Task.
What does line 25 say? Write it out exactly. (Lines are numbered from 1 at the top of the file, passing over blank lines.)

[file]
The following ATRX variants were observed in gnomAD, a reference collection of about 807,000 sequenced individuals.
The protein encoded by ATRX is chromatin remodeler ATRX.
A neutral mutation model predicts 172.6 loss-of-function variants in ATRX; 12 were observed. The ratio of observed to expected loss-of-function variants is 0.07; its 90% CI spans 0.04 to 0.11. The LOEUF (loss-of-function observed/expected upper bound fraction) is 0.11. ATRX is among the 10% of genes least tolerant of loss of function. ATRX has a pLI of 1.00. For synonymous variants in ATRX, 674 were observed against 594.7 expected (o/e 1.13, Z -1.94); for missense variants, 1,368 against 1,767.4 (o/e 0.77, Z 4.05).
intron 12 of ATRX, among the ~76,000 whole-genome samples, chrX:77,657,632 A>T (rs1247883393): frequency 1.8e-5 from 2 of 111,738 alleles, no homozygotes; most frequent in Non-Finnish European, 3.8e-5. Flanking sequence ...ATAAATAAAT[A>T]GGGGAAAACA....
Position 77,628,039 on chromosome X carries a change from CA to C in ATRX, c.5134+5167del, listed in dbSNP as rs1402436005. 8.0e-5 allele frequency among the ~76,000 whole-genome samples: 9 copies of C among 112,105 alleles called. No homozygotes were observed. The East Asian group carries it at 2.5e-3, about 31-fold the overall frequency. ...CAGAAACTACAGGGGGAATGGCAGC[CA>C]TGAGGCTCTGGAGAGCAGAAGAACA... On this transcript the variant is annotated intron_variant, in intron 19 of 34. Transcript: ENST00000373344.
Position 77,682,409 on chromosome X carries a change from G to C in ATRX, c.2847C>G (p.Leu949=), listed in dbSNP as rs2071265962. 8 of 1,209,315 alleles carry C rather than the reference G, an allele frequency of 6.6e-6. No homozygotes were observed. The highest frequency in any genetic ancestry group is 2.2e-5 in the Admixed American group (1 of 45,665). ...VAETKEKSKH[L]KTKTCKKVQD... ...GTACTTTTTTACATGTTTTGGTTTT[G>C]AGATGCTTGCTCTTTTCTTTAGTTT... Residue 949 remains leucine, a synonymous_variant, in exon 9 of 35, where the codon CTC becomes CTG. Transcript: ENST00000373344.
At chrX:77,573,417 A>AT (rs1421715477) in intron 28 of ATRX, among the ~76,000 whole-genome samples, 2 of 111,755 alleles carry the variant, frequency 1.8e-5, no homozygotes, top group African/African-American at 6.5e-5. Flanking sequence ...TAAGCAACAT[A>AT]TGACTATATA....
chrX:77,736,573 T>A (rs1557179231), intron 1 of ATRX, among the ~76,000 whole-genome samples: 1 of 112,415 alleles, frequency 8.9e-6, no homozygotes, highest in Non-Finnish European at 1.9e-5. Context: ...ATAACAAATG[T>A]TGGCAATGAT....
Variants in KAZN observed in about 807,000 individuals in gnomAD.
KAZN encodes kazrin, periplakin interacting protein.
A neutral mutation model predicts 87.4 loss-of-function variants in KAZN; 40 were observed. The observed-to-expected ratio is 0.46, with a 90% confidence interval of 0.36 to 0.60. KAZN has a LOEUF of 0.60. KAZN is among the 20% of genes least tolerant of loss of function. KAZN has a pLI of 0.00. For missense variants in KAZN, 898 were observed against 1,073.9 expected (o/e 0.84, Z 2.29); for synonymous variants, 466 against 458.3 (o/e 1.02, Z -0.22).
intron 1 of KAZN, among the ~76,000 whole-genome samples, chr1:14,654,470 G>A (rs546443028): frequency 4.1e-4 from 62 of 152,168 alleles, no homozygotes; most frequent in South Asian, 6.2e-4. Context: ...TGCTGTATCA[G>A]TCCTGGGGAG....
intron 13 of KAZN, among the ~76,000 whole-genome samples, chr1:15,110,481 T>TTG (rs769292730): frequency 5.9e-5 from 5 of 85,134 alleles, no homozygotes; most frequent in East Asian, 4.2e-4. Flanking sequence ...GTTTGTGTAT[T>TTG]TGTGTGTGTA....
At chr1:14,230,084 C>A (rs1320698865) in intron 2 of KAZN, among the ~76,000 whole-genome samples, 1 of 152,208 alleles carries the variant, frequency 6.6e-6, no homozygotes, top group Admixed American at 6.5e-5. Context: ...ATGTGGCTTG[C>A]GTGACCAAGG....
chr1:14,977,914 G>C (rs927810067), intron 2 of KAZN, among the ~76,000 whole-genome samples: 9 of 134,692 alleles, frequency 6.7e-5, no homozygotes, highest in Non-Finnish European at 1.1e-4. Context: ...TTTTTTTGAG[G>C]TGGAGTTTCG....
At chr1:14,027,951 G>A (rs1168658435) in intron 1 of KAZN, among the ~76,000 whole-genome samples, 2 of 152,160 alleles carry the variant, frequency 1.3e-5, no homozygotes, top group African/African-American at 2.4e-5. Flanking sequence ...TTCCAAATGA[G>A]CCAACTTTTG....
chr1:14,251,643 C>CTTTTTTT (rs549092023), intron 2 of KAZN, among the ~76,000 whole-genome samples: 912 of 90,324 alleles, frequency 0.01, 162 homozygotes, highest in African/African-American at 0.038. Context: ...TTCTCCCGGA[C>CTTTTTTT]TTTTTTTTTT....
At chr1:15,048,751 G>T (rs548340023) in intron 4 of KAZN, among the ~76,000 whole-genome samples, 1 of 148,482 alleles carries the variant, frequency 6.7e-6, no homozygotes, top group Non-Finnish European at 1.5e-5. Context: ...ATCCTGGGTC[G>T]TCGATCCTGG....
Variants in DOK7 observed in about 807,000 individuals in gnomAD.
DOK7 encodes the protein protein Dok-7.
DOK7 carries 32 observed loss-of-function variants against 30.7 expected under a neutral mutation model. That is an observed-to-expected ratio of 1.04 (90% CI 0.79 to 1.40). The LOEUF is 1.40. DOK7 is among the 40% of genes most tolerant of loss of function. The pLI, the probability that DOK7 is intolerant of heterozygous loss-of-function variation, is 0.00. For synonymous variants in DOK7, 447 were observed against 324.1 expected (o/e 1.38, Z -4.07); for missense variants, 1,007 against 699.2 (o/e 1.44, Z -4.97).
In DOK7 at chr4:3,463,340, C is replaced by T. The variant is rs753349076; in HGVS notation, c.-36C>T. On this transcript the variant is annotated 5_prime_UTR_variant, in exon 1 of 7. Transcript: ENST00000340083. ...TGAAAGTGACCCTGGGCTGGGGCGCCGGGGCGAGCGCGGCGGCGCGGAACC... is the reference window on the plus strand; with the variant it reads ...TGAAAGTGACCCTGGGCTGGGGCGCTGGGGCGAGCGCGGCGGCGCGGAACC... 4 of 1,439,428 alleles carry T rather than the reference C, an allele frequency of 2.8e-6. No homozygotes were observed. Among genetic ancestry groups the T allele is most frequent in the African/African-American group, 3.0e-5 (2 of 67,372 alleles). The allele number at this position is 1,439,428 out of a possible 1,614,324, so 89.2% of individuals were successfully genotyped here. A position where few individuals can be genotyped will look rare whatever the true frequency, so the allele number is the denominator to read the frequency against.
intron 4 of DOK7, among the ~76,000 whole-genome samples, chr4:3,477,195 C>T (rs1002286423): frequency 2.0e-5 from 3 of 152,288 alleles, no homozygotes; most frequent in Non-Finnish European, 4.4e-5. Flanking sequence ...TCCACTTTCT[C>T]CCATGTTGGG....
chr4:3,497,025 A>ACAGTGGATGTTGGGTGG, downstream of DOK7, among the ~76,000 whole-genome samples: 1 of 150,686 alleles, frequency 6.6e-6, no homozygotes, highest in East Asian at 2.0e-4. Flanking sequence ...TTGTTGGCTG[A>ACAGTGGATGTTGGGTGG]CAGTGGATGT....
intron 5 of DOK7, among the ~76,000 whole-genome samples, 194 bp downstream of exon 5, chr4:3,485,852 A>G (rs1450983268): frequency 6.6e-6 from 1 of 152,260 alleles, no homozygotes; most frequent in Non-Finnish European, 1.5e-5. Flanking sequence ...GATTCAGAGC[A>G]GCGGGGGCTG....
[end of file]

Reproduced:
intron 5 of DOK7, among the ~76,000 whole-genome samples, 194 bp downstream of exon 5, chr4:3,485,852 A>G (rs1450983268): frequency 6.6e-6 from 1 of 152,260 alleles, no homozygotes; most frequent in Non-Finnish European, 1.5e-5. Flanking sequence ...GATTCAGAGC[A>G]GCGGGGGCTG....